Brady Cramm: Like I said, it just comes out of the sky, there’s no sophistication in making it. I think we could expose the sophistication.

Garrett Mehrguth: What if we had a bigger mouth?

Brady Cramm: Yeah, like the bullet?

Garrett Mehrguth: Yeah, because then we could also get people to drink more. It’s like when the toothpaste companies figured out how to open up the size of the hole so you consume more toothpaste per usage, so you have to buy more toothpaste. I think we could do something like that where we could open up-

Brady Cramm: A big gulp thing?

Garrett Mehrguth: Yeah, more of a big gulp style mouth on the top. A slightly bigger bottle mouth. So it would be slightly different. I’m just talking little type of things I think could really differentiate it.

Brady Cramm: What about names?

Garrett Mehrguth: What you got?

Brady Cramm: Little play on let there be light. Godspeed, let there be light.

Garrett Mehrguth: You want to hear my name?

Brady Cramm: Yeah.

Garrett Mehrguth: Daylight.

Brady Cramm: I like that. But now, are you nicheing yourself to day partying?

Garrett Mehrguth: I don’t feel like that’s a bad spark. I would be okay with that. If we were the beer you brought to every backyard barbecue, then maybe we’re not your dinner beer to start.

Brady Cramm: We could have a Nightlight too.

Garrett Mehrguth: Yeah. We’re pretty good at this.

Brady Cramm: Little Nightlight.

Garrett Mehrguth: We got Daylight, Nightlight.

Brady Cramm: Let there be light. I just see a cool guy.

Garrett Mehrguth: Moonlight.

Brady Cramm: Poseidon themed art.

Garrett Mehrguth: Sunlight, Daylight, Nightlight, Moonlight. We could have a whole brand of light.

Brady Cramm: No, I’m with you. When I’m thinking craft, I’m always almost forcing myself to get an IPA.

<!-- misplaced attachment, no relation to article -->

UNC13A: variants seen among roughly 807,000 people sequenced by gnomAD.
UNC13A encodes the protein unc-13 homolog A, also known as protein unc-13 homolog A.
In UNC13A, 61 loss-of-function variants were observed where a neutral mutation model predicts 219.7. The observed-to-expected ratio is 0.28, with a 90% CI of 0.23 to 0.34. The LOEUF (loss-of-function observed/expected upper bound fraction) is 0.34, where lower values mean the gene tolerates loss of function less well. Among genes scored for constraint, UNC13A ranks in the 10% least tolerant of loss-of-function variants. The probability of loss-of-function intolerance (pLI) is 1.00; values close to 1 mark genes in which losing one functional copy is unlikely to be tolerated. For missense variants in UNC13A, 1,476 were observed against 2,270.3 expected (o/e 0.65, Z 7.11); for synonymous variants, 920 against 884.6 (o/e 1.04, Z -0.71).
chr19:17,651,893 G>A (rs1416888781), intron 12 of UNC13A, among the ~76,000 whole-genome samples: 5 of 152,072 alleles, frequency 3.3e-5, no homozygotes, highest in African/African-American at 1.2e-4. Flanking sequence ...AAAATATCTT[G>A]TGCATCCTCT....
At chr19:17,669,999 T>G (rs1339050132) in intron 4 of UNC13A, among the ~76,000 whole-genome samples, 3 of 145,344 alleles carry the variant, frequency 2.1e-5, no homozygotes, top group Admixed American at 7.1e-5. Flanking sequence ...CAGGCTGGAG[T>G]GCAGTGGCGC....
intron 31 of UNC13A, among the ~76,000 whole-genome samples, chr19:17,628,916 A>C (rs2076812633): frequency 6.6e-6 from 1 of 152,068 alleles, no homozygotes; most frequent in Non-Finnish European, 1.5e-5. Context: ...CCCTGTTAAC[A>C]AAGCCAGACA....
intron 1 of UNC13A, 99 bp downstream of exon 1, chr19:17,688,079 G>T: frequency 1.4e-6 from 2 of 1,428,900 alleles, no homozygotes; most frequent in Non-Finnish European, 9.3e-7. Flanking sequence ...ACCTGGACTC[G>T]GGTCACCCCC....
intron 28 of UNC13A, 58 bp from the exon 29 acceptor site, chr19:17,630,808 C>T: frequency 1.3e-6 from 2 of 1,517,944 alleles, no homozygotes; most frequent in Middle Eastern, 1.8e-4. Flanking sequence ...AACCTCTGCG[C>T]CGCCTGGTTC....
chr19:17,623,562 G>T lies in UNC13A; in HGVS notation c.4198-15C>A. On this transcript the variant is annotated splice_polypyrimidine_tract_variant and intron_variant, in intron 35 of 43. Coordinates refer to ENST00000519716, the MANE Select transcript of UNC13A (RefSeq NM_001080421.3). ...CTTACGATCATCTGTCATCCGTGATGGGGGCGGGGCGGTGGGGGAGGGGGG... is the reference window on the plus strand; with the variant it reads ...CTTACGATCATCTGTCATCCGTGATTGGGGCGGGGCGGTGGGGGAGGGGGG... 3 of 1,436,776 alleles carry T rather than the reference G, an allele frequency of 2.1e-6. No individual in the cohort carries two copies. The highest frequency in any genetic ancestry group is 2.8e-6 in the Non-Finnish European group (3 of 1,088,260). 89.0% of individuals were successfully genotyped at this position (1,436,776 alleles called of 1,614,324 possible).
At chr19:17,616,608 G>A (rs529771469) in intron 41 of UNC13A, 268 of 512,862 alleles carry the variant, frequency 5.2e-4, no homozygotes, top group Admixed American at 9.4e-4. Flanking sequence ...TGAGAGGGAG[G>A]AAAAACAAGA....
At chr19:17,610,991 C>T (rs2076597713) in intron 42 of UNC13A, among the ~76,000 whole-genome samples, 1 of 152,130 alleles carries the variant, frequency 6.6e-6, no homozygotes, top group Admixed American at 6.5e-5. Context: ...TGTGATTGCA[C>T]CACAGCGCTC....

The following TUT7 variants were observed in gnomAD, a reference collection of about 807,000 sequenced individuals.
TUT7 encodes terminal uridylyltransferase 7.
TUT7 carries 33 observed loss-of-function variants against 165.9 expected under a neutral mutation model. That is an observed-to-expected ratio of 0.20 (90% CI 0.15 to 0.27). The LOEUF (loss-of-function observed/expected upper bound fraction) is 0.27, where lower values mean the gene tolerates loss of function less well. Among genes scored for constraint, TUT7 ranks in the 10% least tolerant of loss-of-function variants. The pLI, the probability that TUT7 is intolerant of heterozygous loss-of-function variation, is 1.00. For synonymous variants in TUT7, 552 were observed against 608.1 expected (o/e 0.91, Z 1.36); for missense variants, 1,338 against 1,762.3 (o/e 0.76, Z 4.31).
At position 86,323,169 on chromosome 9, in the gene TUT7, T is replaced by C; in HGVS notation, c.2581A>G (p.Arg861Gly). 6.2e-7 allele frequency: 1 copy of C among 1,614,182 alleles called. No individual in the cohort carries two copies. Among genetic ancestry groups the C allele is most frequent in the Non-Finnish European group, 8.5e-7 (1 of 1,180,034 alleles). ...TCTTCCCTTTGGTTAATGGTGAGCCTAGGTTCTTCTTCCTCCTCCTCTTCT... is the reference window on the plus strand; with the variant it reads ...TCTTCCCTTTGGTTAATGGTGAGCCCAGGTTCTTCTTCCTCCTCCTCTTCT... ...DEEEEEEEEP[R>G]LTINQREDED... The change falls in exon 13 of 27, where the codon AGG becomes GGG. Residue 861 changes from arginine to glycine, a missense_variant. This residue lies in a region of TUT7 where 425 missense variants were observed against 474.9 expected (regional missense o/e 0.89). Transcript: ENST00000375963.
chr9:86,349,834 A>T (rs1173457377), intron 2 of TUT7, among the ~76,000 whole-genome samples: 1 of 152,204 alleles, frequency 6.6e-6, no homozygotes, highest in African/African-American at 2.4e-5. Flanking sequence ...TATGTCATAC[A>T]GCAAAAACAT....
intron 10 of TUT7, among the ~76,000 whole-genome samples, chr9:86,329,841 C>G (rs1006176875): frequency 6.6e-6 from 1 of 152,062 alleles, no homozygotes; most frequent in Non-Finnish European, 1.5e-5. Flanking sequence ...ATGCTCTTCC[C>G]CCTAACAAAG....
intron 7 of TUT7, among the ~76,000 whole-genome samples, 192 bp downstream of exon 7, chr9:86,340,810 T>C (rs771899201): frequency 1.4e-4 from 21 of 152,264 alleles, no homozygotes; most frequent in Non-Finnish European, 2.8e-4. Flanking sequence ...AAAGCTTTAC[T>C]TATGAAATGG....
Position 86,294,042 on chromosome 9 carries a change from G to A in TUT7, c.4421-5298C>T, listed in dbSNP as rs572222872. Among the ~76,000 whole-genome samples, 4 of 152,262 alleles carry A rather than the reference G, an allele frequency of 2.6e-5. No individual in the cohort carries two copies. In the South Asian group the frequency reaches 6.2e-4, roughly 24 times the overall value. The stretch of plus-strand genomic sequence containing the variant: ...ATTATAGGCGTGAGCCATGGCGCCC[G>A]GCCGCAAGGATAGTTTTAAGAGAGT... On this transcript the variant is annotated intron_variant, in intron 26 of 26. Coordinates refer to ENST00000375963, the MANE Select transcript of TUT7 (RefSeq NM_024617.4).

Garrett Mehrguth: Yeah, I know. There’s nobody who said, ” I’m going to build the greatest light beer ever made.” And they all poo- poo it, the whole industry goes poo-poo.

Brady Cramm: Yeah. So we should make one. I have my own cocktail. It’s called a manmosa and it’s for whenever I go to Hawaii, I started out the only person drinking it and then the whole family drinks it.

Garrett Mehrguth: Oh snap, it’s spreading. You’re pretty influential.

Brady Cramm: And when we were in Vancouver, they did something close to it with their light beer with orange juice. And so I do Coors Light and guava juice, and it is delicious. It is so good.

Garrett Mehrguth: Bro, this is like a Pink Whitney.

Brady Cramm: But it only works well with Coors Light. I’ve tried it with Miller and Bud, and it just didn’t taste right, the juice mix.

Garrett Mehrguth: Bad beer.

Brady Cramm: And I’ve done it with orange juice too, so a light beer that’s positioned to even mixing it with a juice, I like drinking it-

Garrett Mehrguth: That’s what my grandma drinks.

Brady Cramm: …in the morning on vacation because it feels like there’s guava juice in it, it’s like a mimosa. But I like to call it a manmosa. It’s just what I came up with.

Garrett Mehrguth: It’s called a Rattler.

Brady Cramm: Any person can drink it.

Garrett Mehrguth: It’s a Rattler.

Brady Cramm: A Rattler?

Garrett Mehrguth: In Germany, when my grandma was growing up, they would mix lemonade with beer, and that’s what the women would drink. That was their Trulys back in the day.

Brady Cramm: Okay. So I’m thinking we can incorporate that a little bit.

Garrett Mehrguth: Okay, so now we’re having a light beer but also with some fruit infusion?

Brady Cramm: I don’t know if it’s pre- made like that or if we just advertise it, this is made to mix with juices.

Garrett Mehrguth: I think we have to pre- mix it because of the Trulys and the High Noons.

Brady Cramm: I’d be cool with that.

Garrett Mehrguth: Yeah, they do malt liquor plus flavors. We could do beer plus.

Brady Cramm: We can do light beer and natural juices. Natural. 100%-

Garrett Mehrguth: Now we’re getting somewhere.

Garrett Mehrguth: So

Garrett Mehrguth: now we’re not just another light beer, we’re a different. We’re not a better light beer, remember?

Brady Cramm: Yeah. People like to party with their Coors Light or their Trulys.

Garrett Mehrguth: What if they had a baby and we came up with our own brand called Daylight.

Brady Cramm: Yeah.

Garrett Mehrguth: I actually think Daylight with guava, light lager.

Brady Cramm: Dude, if anyone out there, guava and beer-

Garrett Mehrguth: We might be onto something again here.

Brady Cramm: If you want to be our R& D, just try guava and Coors Light, and-

Garrett Mehrguth: Yeah, let us know in the comments.

Brady Cramm: … letwhat you think. If you’re 21 years or older.

Garrett Mehrguth: No, I take back my wink.

Brady Cramm: Come on, man. This is on YouTube, they saw the wink.

Garrett Mehrguth: No winking. You must be of legal age. Now, how do we distribute it? Are we going D2C. There’s a brand called Drink Haus. Have you heard of them?

Brady Cramm: No.